Hi FE - had to laugh at that. You can imagine Norton receiving the faulty component back, taking a (very) quick look and throwing it back into stock on top of the pile. Not too much of a stretch that I got it back! Advancing the gear selector arm one tooth, after marking it of course, was my first action. Bike went through the gears (on stands) nicely, 1,2,3 until 4th, which could not be selected as the selector arm contacted the rear of the primary cover as shown.
View attachment 19769As Tony has noted the selector arm needs to be angled directly down at rest. Mine appears to be so, as can be seen in comparison to Richard’s bike in his manual on primary cover removal.
View attachment 19770View attachment 19771
Centering of the gear change mechanism would have impact of course if it was out of adjustment but, the selector arm appears correctly aligned. I have had two rods now with the more acute curve that operate the gears correctly (one original on purchase of bike, the other from a Mk2 in the showroom). I’ve also had two replacements of significantly different configuration that do not function with a previously working gear change mechanism. Go figure. More than one pattern? Bike model variations? Different manufacturers? Poor quality control? Who knows.

Having a little trouble with Richards site at the moment Tony- regional address error. Can you advise which of the manuals covers the centering of the gear change mechanism? There are several related to the gearbox.

Thanks guys, just gonna keep chipping away until I resolve this pretty basic problem. I’ll finish the sleeved rod and ask Norton to provide another rod to see what we get. My guess is a third configuration - it is hand built after all. :)
Here are the manuals from Coote's :





Long live Norton.
 

Stephen_Spencer

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Thanks Tony, appreciate your assistanceas as ever.

Maybe we are getting closer to the reason for the different pattern rods. The adjustment of the gear selector mechanism seems pretty straight forward although does’nt appear very definitive - measure rotational movement CW and CCW and then estimate the middle position. With the hand built nature of the bike, maybe when the builder reaches assembly of the external gear change mechanism if the full range of gears cannot be achieved the alternate ‘wider clearance‘ rod is fitted? Who knows!

I see that on your bIke the gear selector arm is slightly more central (vertical) however I have also found plenty of pictures where it is slightly offset toward the rear of the bike and that include the wider clearance rod. Maybe we are just looking at poor quality control.

E9547417-77EB-4F53-9B90-6D56619F2DA9.jpeg


For now I am going to take the path of least resistance and complete my fix. Gearbox was ‘sweet as a nut‘ before rod failure. Spoke to a specialist welder today. He said he could weld the sleeve but the weld would almost certainly crack. He recommended pinning it and sent me to a local machinist who said no thanks, don’t do one off repairs - he said he would’nt weld it either cos it would crack and he would’nt pin it. He recommended ............... drum roll............!

71ECD9A9-26A5-47F7-8967-6E64A53DC263.jpeg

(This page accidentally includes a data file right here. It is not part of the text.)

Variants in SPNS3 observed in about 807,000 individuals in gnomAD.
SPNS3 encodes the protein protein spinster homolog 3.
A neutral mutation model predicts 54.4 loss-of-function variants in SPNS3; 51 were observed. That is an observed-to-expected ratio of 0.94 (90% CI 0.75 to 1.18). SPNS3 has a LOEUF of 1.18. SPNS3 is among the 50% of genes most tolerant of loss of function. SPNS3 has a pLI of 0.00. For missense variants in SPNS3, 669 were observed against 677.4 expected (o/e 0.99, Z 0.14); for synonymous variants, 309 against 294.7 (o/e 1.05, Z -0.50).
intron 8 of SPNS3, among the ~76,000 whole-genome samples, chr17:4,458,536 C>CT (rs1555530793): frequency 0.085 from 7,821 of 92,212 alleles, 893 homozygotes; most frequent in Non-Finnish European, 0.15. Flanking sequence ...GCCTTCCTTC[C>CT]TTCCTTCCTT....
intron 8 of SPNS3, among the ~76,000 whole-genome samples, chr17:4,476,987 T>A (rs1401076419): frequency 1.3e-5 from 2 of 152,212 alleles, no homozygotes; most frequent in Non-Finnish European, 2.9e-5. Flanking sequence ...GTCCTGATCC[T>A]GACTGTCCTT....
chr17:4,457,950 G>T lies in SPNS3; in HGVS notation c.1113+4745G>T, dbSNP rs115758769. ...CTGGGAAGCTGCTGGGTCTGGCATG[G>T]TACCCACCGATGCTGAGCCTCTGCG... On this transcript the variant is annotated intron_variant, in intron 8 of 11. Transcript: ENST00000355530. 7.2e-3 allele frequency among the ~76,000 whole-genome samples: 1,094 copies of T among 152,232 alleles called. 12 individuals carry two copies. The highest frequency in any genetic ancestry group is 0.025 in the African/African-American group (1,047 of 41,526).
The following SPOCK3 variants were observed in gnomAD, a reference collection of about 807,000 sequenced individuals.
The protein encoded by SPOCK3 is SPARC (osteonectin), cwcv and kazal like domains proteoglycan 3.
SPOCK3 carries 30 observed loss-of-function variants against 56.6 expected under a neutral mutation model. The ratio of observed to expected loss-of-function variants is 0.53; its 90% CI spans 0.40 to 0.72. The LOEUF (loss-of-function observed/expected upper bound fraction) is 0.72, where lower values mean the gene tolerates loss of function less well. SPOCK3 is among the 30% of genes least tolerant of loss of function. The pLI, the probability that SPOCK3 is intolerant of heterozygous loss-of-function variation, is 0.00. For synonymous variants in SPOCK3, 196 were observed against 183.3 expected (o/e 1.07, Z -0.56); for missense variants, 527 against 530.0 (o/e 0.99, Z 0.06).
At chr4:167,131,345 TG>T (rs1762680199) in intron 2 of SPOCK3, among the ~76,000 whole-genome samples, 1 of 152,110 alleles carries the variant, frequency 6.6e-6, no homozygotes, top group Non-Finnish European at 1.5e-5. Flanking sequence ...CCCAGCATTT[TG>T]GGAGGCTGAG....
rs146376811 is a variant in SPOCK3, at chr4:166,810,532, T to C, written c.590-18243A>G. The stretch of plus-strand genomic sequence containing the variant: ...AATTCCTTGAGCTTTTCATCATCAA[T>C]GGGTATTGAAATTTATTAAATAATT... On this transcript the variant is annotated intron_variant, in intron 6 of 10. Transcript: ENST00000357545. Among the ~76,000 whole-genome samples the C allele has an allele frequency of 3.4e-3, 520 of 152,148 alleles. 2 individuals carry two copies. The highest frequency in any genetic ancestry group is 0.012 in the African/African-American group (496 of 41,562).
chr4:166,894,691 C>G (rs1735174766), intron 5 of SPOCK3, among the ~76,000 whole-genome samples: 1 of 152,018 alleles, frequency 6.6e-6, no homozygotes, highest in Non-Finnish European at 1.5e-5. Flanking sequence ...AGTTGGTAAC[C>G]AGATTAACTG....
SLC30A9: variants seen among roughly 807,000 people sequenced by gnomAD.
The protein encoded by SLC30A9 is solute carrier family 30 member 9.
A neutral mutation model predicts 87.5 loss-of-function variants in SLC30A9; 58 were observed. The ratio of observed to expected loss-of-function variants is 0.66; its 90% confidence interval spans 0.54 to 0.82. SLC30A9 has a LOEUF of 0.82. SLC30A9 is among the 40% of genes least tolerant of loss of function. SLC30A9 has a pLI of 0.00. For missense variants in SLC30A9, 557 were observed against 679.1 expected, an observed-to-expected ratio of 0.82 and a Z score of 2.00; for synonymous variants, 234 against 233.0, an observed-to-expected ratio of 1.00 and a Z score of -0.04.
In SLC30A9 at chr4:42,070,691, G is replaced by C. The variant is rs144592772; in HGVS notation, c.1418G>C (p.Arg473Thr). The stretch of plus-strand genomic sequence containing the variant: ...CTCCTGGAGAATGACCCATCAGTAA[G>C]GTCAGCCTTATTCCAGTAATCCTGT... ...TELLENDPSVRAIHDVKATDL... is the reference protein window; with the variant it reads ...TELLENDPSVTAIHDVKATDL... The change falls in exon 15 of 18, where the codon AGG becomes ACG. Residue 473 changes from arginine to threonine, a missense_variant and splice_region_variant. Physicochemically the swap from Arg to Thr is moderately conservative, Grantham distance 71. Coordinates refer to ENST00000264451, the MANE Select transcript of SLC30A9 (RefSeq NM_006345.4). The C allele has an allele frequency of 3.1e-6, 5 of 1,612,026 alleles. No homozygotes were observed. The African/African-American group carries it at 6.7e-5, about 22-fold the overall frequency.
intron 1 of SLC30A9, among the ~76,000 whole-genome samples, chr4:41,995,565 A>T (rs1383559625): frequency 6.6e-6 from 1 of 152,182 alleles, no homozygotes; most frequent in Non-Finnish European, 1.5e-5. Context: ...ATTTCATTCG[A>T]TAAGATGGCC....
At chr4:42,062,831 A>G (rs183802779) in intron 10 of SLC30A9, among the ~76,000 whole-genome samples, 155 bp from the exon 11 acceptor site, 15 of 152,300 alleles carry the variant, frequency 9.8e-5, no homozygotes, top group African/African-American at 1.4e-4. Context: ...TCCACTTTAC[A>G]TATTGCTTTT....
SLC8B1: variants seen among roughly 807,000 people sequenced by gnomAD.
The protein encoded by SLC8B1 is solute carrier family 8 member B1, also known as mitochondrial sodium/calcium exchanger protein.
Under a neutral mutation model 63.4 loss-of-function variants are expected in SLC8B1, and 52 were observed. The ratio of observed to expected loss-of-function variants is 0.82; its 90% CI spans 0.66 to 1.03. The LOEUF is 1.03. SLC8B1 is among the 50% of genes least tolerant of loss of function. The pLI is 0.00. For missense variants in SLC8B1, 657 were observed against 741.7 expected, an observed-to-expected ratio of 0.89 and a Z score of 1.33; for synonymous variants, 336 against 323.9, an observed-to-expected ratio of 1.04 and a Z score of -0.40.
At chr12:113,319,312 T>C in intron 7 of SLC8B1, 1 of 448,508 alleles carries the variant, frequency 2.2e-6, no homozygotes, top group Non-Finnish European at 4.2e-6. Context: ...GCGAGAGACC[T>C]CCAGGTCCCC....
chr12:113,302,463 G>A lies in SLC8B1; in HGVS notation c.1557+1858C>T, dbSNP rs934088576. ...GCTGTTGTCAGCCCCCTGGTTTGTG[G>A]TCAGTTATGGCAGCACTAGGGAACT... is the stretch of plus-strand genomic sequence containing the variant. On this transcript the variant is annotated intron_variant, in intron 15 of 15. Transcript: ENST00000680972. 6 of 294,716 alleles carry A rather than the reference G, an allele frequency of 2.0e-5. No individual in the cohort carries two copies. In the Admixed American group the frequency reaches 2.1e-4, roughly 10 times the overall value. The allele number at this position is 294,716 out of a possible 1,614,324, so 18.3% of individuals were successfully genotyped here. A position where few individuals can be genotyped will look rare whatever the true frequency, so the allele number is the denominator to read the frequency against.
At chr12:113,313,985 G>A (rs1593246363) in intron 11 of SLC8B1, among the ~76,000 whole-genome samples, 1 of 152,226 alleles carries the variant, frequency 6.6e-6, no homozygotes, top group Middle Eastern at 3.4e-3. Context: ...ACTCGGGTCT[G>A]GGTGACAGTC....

Now who suggested that at the start!? :)
 

Stephen_Spencer

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Heavy boots
Heavy boots? Piddly 6mm thread operated at an irregular angle? Incorrectly adjusted gear selector mechanism? Lock nuts acting on a weak thread? Overtightened? Different pattern rods with acute curve? Poor quality control? Etc etc. Or, a combination of the above? They are failing though and no doubt many more will - it will ruin your ride and/or strand you if it occurs. Not to mention safety implications. Not (if at all) just heavy boots Britfan IMO. Ignore it at your peril mate! Difficult to prove a negative of course. :)
 
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Lighten up, Stephen. It was a tongue in cheek reply. That said, I do see gents wearing these huge Doc Martins. Also, that problem has been mentioned a few times but the minority. Got 13K on mine. Now its going to break. Thanks for jinxing me.o_O;) By the way.....What kind of boots do you wear?
 
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Stephen_Spencer

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Lighten up, Stephen. It was a tongue in cheek reply. That said, I do see gents wearing these huge Doc Martins. Also, that problem has been mentioned a few times but the minority. Got 13K on mine. Now its going to break. Thanks for jinxing me.o_O;) By the way.....What kind of boots do you wear?
Oh,............... you may be right after all:oops:!

3C1B6729-6A3E-4F57-95FF-89BA4AD943B7.png
 
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Oh,............... you may be right after all:oops:!

View attachment 19815
Just been checking mine out and it looks good but 2 things strike me, bend on mine looks shallow, later issue? But why 2 locknuts at the front end. 2 nuts horsed together, resultant stress on the thread etc. etc. Ive backed the 2nd one off, hopefully, with my heavy left foot, old injury, it'll be reet.
 

Stephen_Spencer

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Just been checking mine out and it looks good but 2 things strike me, bend on mine looks shallow, later issue? But why 2 locknuts at the front end. 2 nuts horsed together, resultant stress on the thread etc. etc. Ive backed the 2nd one off, hopefully, with my heavy left foot, old injury, it'll be reet.
Hey Al, have a good read of this thread. Your points are valid and discussed. Getting to be a lengthy thread for a rather simple failure I admit. That’s another thing I like about this forum - problems are put into an arm lock and wrestled to the ground until they submit! :)

There are two distinct patterns, both which have (approx) equal effective length. The one you have fitted has a shallow bar with a straighter pull; as such is less likely to fail we think. The shallow bar may not fit some bikes due to insufficient clearance with the primary case to enable first gear to be selected. As identified by Tony, this is likely because these bikes do not have the gear selector mechanism (within the primary case) set to the centre of its adjustment.

The second rod has a much deeper curve and easilly clears the primary case. This likely allows full gear selection if the gear selector mechanism is not set to the centre of its adjustment and appears more likely to fail - @ forward threaded section. 2016 (Rick’s Mick Grant Special) is the most current bike I’ve seen with this rod fitted.